“That really hurt. The next year, we had 102 points, but we got knocked out in the first round of the playoffs. The team changed. You just never come back with the same guys, even if you want to. Not to mention the toll that winning a Cup takes on a team. You play four series of best-of-seven, almost every other night, over two months. You don’t get to prepare yourself for the next season the way other teams do. They’re training for next year while you’re still playing.
“Even if you do everything right by drafting and developing players, it’s impossible to keep the same group together. You end up moving players you don’t want to move but have to move, and it changes your team. That’s just the way it is.”
Stan Bowman, Blackhawks vice president and general manager, drew considerable praise from peers for his off-season maneuvers under extenuating circumstances. Also, he touched on a not-so subtle ingredient that is unique to hockey: It is the ultimate team effort. In basketball, Derrick Rose of the Bulls will play 40 or more of the 48 minutes every night. In hockey, even future Hall of Famers are not that active. Witness the Blackhawks’ game in late March at the United Center against Murray’s Ducks. It seemed as though Getzlaf and Perry were on the ice more than the men in striped shirts, yet each logged “only” 25 or so minutes.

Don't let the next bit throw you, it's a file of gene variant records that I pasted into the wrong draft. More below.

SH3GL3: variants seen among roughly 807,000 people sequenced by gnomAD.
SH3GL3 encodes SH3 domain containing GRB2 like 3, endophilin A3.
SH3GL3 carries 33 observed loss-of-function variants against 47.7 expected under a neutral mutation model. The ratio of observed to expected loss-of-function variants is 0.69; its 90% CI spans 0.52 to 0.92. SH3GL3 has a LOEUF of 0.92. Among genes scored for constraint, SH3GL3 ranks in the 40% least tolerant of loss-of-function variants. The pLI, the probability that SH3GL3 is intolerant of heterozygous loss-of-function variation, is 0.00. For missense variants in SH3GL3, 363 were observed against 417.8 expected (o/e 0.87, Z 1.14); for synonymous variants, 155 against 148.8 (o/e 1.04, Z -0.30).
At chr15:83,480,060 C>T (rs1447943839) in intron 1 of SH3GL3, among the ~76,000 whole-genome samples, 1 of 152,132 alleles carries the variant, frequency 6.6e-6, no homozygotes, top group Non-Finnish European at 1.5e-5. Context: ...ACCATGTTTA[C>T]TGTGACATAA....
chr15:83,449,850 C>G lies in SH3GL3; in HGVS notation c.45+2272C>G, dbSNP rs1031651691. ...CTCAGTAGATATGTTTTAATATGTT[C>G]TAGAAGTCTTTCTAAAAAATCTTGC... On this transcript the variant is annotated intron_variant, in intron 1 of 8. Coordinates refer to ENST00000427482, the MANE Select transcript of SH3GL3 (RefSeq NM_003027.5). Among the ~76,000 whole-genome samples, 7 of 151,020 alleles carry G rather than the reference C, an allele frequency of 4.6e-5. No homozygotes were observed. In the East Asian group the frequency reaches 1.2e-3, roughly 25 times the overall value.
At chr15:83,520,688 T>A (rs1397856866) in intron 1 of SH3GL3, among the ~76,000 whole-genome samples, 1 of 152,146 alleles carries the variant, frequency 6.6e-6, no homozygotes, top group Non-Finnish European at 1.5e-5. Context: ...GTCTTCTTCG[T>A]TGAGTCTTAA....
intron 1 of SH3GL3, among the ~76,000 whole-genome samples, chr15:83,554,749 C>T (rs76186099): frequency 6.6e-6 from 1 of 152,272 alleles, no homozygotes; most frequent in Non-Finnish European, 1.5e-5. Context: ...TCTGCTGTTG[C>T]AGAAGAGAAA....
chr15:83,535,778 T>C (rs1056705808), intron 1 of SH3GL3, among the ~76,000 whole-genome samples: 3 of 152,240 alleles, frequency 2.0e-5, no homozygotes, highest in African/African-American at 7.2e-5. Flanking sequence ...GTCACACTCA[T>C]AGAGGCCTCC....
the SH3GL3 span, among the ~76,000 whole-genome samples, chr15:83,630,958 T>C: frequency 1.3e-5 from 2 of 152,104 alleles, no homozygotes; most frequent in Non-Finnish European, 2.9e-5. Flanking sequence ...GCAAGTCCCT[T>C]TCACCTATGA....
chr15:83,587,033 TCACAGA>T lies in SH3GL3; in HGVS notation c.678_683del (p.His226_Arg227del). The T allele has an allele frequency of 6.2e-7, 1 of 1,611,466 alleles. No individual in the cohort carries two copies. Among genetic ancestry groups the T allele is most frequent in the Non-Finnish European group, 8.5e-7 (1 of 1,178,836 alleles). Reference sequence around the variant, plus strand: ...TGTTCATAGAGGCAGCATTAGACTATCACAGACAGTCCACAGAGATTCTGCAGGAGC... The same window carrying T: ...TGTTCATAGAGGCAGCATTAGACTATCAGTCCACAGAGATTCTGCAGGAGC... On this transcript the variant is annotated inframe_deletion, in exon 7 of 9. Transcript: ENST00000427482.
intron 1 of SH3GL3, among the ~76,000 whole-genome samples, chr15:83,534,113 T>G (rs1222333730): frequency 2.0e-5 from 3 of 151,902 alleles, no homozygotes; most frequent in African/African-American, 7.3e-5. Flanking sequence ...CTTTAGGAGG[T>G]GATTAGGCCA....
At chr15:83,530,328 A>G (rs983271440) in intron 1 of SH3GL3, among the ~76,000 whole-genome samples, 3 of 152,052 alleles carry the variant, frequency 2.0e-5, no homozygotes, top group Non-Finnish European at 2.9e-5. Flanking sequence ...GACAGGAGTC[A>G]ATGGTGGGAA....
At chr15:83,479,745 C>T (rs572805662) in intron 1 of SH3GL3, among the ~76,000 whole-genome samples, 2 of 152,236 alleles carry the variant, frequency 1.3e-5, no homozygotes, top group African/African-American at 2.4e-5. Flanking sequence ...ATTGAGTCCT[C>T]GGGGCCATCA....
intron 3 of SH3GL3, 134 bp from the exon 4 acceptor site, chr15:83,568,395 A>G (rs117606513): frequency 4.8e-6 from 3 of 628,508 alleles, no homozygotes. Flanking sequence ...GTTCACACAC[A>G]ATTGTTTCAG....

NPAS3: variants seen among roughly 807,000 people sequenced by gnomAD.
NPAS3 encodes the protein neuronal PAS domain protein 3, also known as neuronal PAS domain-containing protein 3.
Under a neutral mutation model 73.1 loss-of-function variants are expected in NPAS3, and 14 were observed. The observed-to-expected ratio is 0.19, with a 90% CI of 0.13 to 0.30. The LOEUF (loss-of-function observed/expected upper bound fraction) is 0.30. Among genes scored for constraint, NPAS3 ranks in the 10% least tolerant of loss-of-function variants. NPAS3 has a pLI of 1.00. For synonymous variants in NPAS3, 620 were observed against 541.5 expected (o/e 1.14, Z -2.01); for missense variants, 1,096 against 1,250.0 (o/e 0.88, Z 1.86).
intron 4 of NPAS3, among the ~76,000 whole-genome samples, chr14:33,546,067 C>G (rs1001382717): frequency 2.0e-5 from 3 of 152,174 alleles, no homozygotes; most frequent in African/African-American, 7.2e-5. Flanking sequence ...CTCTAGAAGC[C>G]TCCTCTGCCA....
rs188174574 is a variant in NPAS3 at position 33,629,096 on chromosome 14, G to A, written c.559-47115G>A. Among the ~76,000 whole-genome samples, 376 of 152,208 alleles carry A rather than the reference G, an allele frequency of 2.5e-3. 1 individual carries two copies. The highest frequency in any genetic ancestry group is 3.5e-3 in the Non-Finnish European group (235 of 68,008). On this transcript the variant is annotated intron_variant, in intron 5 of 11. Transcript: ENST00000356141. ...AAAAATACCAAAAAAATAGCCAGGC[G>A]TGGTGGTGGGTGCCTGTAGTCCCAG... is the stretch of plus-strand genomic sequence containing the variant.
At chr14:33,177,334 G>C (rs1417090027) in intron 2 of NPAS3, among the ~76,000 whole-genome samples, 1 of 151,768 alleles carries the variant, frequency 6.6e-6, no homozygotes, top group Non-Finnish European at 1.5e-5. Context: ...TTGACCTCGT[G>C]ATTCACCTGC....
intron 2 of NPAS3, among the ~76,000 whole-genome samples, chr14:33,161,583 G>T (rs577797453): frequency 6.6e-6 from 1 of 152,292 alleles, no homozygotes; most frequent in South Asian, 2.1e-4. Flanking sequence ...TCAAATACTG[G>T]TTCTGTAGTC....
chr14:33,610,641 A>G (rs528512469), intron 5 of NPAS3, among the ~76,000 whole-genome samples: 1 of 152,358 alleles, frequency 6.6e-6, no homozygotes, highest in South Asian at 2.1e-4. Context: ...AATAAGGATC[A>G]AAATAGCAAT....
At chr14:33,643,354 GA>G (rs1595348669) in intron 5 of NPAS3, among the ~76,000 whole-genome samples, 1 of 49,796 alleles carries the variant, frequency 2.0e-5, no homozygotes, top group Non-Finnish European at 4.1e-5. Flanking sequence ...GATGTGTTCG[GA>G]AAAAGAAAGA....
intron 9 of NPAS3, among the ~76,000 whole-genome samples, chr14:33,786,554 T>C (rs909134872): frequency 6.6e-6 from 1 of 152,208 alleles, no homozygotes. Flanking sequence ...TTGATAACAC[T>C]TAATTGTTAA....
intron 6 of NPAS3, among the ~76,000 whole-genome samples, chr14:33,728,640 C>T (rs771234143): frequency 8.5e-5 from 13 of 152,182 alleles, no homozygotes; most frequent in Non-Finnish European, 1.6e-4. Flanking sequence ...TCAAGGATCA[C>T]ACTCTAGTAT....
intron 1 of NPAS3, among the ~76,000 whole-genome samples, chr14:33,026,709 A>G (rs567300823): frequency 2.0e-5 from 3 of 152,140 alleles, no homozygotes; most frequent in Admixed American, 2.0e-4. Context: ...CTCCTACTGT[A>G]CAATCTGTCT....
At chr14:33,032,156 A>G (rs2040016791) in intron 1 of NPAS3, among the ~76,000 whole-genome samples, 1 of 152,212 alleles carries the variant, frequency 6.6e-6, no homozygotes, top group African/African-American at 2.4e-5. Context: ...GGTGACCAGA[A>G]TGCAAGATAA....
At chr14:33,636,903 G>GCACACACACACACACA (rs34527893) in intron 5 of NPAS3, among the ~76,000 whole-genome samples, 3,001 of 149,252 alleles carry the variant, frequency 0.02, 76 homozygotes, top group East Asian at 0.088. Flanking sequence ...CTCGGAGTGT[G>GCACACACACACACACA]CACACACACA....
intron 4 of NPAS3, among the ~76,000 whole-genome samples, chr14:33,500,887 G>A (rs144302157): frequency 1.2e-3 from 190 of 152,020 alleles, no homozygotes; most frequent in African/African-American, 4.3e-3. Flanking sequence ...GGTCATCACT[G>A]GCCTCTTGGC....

“What the teams have to do now to win a Cup is grueling,” noted Hull. “The Blackhawks played 22 games in the postseason last year. In 1961, we played 12. There were only six teams in the league, four in the playoffs. Now there are 30 teams and 16 in the playoffs. That’s where depth matters so much, and this year’s Blackhawks did a good job of filling in for guys who they had to part with.
“In 1962, coming off the Cup, we went through a little of that. Murray Balfour, who scored that huge overtime goal in Game 3 against the Canadiens, hurt his shoulder and wasn’t the same. We lost a couple guys, too. It was just different.”
Was the hunger still there? The desire to pay the price?
“I think so,” said Mikita. “I look back, and I think we gave it everything we had to try to repeat. But maybe we didn’t. And maybe we didn’t get a bounce here and a bounce there. When you get that deep in the playoffs, there is an element of luck.”
Glenn Hall, the goalie for the ’61 champs, rues the opportunities not seized.
“I’m like all the rest of the guys,” he said. “I thought we should have won more than one Cup. I thought, maybe after 1961, we might have gone a bit more for offense than we had and weren’t as tight defensively.”
Hull responded to that. “Spoken like a true goalie,” said The Golden Jet, laughing. “I respect Glenn’s opinion, because he is Mr. Goalie. But he’s right about what happened after, which is why I stressed to our young guys last year: You never know when you’ll get another chance. You never know if you’ll get another chance.”